Individuals that may be subject to the Estate Tax in the future often consider using Irrevocable Life Insurance Trusts for the purpose of Estate Tax Mitigation. Given that affluent individuals whose estates are larger than current exemption amounts are subject to the 45% Estate Tax, it is wise to use any means possible to attempt to mitigate this tax.

The current Estate Tax Exemption is $ 3.5 Million per individual and $ 7 Million per couple. Meaning that if you have an estate that is $ 7 Million or less if you were to pass away today you would owe no Estate Tax, however, read on as this will change. The current exemption of $ 3.5 Million is a large amount in light of previous exemptions and it is this author’s opinion that given the state of the economy and the Trillions of Dollars that the US Government is committing to the economic crisis that it is also an unsustainable one. The current exclusion is $ 3.5 Million in 2009, $ 1 Million in 2010 and a repeal or sunset in 2011.

A total repeal or sunset is highly unlikely and the Estate Tax or “Death Tax” is currently very much a hot topic in Washington with some Democrats siding with Republicans in an attempt to repeal or raise the limits. However, political leanings aside, it is my forecast that the Estate Tax will return to the Clinton era levels of $ 1 Million. This is again due to the overwhelming pressures of stimulus/bailout spending for the economy in addition to the Billions upon Billions committed or already spent in Iraq and Afghanistan. There have been years of astronomical spending and the Government appears to be fairly quiet about how all of it is going to be paid for. The Estate Tax is a 100 Billion Dollar question, and as we all know every 100 Billion counts.

What does all of this mean to the high net worth individual who wishes to protect his or her nest egg from predation by the IRS?

What it means is that we use any and every tool possible to attempt to mitigate the Estate Tax. One of the most effective and efficient tools available for Wealth Transfer Management is the Irrevocable Life Insurance Trust. How these Trusts works is a Life Insurance Policy is put inside of a Trust which transfers the proceeds of said the Policy outside of the Grantors estate upon their passing thereby making the proceeds Estate Tax free. Annual Gifts are made to the trust, with which the trustee can make premium payments. An attempt is always made to keep these gifts within both the lifetime gift exemption of 1 Million Dollars and the yearly gift exclusion of up to $12,000 per beneficiary.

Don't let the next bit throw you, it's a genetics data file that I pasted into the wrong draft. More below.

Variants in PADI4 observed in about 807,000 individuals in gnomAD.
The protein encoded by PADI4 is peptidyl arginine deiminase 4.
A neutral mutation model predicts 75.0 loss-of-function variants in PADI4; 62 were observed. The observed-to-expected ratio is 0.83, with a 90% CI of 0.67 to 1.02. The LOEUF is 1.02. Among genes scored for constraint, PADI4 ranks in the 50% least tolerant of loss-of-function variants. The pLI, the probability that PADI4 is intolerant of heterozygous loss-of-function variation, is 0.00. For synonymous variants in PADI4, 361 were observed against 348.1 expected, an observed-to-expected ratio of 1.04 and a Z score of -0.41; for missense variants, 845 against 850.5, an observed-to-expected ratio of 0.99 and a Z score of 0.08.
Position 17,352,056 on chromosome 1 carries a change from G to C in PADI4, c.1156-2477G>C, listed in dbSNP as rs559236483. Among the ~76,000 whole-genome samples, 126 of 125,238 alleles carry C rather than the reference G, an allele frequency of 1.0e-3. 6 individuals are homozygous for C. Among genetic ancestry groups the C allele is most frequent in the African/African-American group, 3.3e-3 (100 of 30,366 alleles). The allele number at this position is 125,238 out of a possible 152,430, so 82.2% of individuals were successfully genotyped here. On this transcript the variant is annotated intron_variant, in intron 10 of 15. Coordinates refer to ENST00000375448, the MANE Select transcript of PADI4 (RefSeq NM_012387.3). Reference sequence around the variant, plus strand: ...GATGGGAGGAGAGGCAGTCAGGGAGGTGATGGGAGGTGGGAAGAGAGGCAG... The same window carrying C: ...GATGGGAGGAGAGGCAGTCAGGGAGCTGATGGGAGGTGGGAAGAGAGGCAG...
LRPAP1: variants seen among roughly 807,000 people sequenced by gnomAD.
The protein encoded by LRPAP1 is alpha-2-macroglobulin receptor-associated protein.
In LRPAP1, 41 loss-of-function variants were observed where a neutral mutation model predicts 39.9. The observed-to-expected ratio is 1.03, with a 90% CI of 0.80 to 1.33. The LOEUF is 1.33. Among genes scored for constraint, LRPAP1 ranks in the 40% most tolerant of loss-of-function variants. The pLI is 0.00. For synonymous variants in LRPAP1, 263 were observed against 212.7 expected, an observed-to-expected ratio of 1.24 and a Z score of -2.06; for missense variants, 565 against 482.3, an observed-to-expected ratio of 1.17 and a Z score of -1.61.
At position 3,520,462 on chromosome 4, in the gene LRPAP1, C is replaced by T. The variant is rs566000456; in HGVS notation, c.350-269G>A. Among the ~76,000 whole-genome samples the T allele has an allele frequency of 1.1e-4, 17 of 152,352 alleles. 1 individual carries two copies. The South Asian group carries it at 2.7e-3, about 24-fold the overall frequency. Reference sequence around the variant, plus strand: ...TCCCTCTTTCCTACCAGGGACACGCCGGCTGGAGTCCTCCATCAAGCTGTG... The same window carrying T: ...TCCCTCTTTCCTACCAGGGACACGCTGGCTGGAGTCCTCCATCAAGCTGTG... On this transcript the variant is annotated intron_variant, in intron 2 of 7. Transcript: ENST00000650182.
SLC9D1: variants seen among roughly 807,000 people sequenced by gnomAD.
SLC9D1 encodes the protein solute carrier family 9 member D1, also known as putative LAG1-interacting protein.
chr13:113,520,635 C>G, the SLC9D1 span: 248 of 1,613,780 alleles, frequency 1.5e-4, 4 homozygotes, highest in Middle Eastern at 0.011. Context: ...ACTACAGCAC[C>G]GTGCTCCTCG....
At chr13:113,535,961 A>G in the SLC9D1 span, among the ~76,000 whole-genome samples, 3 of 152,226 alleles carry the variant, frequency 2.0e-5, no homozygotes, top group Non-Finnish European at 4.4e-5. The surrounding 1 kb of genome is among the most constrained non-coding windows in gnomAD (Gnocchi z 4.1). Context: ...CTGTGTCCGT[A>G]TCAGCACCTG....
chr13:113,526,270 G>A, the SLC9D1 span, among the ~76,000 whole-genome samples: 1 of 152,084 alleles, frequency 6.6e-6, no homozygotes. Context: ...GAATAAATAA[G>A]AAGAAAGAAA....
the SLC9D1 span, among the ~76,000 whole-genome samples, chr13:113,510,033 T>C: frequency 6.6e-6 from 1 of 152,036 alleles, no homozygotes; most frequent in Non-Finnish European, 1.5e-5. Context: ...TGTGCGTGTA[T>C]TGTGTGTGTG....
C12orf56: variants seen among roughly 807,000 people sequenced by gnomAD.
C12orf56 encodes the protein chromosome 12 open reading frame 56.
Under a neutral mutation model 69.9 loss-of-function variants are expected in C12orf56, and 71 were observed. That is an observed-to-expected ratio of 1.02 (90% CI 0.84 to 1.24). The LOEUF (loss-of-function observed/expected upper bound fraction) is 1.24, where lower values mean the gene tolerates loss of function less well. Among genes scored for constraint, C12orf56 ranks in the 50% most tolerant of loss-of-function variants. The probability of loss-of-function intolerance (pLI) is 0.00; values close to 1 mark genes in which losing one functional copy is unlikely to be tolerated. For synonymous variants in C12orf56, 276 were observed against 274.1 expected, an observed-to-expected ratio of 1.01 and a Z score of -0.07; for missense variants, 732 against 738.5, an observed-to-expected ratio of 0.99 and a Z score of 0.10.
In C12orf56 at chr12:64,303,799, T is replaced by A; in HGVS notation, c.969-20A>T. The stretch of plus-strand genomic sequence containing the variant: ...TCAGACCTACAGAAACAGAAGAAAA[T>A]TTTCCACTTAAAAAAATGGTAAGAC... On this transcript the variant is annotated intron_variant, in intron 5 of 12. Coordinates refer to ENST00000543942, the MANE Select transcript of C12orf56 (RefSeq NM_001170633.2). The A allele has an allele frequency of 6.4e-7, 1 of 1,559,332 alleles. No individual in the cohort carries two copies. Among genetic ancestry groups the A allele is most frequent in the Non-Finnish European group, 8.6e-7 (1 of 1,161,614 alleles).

If the estate is extremely large this gets very complex and is outside the scope of this article, however it is possible to use a variety of other methods such as Grantor Retained Annuity Trusts in conjunction with the Irrevocable Life Insurance Trust very effectively even for estates at the highest levels.

Due to the nature of the trust beneficiaries must have a limited right to withdraw the gift for a short time after the grantor makes the gift. Also the Irrevocable Life Insurance Trust can be used with both existing and new life insurance policies however existing life insurance policies present challenges that are not present with new policies specifically designed with the trust as the beneficiary. An existing policy that is put into an Irrevocable Life Insurance Trust for the purposes of Estate Tax Mitigation is subject to a 3 year inclusion period. This means that the Death Benefit will still be subject to the Estate Tax for the 3 year inclusion period. Additional drawbacks to using a current policy in trust include the potential for the cash value of the policy being counted as a gift subject to the gift tax.

If the insured is still in good health it may be better and cheaper to use the cash value in the previous Life Insurance Policy to fund a new replacement Life Insurance policy to be put into the Irrevocable Life Insurance Trust.

Source by Drew Kitchell

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